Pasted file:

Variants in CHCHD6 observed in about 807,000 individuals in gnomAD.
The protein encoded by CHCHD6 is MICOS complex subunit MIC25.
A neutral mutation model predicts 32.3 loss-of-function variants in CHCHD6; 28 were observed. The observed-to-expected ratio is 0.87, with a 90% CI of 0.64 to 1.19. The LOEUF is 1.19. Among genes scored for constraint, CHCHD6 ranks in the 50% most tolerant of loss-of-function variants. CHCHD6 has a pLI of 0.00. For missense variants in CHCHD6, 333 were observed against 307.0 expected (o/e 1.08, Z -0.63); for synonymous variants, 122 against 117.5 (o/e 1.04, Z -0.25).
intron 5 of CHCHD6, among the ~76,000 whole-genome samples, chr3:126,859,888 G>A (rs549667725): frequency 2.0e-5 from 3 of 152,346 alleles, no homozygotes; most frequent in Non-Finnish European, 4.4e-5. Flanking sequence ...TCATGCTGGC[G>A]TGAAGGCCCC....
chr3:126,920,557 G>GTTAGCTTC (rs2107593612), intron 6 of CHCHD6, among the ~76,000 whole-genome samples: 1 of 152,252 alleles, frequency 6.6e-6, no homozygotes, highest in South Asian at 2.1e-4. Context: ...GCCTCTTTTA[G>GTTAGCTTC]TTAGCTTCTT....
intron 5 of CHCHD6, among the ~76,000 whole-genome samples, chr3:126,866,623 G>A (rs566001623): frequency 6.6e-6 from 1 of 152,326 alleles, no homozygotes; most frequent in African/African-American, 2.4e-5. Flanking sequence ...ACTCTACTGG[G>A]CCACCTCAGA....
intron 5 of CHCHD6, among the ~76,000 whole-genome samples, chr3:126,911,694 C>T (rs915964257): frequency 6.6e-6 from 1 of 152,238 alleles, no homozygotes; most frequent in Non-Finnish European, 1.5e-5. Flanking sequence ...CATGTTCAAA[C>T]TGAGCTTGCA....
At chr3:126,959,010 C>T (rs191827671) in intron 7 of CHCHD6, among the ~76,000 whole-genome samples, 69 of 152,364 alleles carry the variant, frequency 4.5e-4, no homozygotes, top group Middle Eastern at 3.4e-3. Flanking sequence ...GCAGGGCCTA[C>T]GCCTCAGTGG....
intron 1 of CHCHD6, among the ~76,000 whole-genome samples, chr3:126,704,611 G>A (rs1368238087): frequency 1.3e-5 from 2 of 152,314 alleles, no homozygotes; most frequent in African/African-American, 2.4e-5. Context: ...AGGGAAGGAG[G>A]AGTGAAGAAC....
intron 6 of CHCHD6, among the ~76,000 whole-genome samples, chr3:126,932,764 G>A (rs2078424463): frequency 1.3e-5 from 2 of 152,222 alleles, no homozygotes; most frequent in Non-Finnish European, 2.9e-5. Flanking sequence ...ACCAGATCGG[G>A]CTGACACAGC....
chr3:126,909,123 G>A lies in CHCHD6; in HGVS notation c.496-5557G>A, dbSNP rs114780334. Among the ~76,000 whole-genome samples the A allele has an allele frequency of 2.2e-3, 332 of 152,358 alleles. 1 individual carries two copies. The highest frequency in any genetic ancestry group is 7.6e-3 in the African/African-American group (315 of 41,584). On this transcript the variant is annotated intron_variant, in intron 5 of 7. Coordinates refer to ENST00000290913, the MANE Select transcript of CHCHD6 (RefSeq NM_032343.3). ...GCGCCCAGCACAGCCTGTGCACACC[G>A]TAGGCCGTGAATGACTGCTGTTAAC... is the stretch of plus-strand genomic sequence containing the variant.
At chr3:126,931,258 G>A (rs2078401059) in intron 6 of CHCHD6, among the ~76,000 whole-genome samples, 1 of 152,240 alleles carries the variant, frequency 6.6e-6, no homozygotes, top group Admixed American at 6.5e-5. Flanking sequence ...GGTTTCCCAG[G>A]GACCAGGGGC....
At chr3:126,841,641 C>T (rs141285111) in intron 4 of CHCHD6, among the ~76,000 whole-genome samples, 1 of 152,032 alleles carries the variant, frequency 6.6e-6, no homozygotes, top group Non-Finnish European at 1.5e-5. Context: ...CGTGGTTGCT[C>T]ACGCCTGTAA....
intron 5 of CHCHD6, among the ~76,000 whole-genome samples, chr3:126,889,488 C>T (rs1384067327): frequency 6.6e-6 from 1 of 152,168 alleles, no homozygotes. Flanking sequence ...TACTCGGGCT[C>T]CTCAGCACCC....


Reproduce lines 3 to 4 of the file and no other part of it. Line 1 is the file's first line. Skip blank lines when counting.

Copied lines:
A neutral mutation model predicts 32.3 loss-of-function variants in CHCHD6; 28 were observed. The observed-to-expected ratio is 0.87, with a 90% CI of 0.64 to 1.19. The LOEUF is 1.19. Among genes scored for constraint, CHCHD6 ranks in the 50% most tolerant of loss-of-function variants. CHCHD6 has a pLI of 0.00. For missense variants in CHCHD6, 333 were observed against 307.0 expected (o/e 1.08, Z -0.63); for synonymous variants, 122 against 117.5 (o/e 1.04, Z -0.25).
intron 5 of CHCHD6, among the ~76,000 whole-genome samples, chr3:126,859,888 G>A (rs549667725): frequency 2.0e-5 from 3 of 152,346 alleles, no homozygotes; most frequent in Non-Finnish European, 4.4e-5. Flanking sequence ...TCATGCTGGC[G>A]TGAAGGCCCC....